This is a common piece of advice for bloggers, but it serves well for any sort of writing. Have lawyers (and staff, for that matter) keep a list of questions they are frequently asked by clients. Create a fluid, shared document among your in-house team and schedule yourself a time to review and add to it.

Always ask yourself:

  • What issues are keeping clients up at night?
  • What are the hot topics related to your area of practice?
  • Which fundamental questions get repeated every week (or every day)?

9. Keep your enemies closer

Lawyers should get to know their individual competitors at different firms who write regularly on the same topics they do. Even better, get to know the out-of-jurisdiction lawyers who practice in the same areas that you do, but aren’t in the office down the road!

Here’s why. Good writers monitor their subject area. In much the same way that it’s easier to write when you’ve got a topic, it’s also sometimes easier to riff on a piece or post that someone else has written, especially if you’ve got something different/more helpful/insightful to say. Is there a tangent you can take and develop something new from?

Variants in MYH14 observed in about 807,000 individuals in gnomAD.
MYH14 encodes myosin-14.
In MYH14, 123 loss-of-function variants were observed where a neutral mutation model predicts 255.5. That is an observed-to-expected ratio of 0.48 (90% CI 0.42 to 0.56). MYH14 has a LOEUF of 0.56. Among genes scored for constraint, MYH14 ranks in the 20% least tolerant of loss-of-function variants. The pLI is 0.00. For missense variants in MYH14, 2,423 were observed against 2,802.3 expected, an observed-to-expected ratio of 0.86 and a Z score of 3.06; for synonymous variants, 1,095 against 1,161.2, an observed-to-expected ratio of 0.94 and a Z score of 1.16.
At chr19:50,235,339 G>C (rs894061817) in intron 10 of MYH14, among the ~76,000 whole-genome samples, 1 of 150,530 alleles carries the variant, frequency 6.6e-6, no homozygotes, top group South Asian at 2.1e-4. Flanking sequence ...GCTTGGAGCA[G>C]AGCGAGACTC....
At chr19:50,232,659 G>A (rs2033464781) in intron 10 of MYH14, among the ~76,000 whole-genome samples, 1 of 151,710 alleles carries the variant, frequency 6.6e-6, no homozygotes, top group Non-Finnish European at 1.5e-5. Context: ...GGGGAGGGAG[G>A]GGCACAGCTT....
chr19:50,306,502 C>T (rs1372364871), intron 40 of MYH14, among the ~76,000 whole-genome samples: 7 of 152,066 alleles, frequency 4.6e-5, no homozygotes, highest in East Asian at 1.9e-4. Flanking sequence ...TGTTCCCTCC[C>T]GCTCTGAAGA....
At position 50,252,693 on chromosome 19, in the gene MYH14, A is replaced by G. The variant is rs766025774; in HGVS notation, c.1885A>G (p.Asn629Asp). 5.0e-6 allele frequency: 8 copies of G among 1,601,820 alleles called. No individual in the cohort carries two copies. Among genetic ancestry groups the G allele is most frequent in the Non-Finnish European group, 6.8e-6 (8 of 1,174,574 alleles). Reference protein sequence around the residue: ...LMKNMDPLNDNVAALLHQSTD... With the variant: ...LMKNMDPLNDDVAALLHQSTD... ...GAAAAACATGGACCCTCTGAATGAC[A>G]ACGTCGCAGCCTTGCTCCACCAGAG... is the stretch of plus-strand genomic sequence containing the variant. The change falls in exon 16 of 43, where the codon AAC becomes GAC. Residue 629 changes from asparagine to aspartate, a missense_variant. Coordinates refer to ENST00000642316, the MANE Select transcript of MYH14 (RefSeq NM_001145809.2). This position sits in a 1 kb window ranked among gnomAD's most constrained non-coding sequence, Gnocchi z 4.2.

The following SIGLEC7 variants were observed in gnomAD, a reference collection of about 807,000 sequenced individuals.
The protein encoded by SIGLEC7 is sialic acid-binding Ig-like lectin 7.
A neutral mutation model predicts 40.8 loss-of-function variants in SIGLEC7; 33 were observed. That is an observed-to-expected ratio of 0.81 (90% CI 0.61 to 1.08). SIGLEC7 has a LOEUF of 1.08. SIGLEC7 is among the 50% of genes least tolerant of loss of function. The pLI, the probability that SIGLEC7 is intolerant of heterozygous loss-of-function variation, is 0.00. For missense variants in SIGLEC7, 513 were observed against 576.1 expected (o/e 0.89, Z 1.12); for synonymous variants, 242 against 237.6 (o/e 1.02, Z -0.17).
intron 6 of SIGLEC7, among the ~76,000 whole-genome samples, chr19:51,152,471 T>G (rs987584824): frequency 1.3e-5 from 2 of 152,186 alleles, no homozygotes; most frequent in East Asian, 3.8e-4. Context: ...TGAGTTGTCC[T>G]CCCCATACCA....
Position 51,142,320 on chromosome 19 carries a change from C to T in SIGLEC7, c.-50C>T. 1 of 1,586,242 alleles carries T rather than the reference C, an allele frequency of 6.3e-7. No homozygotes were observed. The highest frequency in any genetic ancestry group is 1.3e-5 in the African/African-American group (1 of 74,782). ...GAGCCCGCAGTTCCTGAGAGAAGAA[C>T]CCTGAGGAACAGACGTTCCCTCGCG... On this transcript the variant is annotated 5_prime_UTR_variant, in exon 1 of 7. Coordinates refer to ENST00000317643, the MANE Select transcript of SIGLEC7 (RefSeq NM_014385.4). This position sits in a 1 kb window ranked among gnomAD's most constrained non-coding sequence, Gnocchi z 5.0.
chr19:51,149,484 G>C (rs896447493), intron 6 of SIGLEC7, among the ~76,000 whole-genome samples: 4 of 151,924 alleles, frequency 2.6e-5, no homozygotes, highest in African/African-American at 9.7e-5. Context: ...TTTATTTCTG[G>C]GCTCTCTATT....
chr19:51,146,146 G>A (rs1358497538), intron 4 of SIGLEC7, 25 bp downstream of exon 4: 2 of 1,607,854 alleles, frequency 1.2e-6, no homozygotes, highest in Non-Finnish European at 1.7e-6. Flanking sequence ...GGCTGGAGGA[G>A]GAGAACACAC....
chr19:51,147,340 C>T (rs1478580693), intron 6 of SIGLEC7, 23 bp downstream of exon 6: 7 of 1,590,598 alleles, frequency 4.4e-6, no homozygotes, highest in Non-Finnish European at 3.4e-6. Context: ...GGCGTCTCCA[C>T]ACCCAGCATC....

There’s truth in the saying that to be a good writer, you need to be a good reader.

10. Make it a team effort

There’s no need for lawyers to work alone on publishing efforts. Don’t forget to get help from all the non-lawyers at the firm. They’re called “support staff” for a reason. Both the marketing group and library services are a natural fit to provide media monitoring services, or use web technology like email alerts or RSS to track key publications. And when it comes to actually drafting blog posts or articles, the law library is particularly well suited to help with citation checking, and if they’re not doing it already, doing current awareness on new decisions and legislative changes.

Putting even just a few of these tips into practice should make a big improvement to your firm’s publishing efforts. I’d love to hear others’ thoughts on this — if your firm already has a creative, supportive, and productive law firm publishing culture, how did it get there, and how do you protect and preserve it?

[Lastly, a small note of thanks to my colleague and co-author of this piece Emma Durand-Wood. Each of us took a couple passes at the narrative, and the original list of ideas was generated during a great brainstorming session! Cheers!]


  1. great piece steve – i’ve been banging on about this for years – i hope they read and take your advice –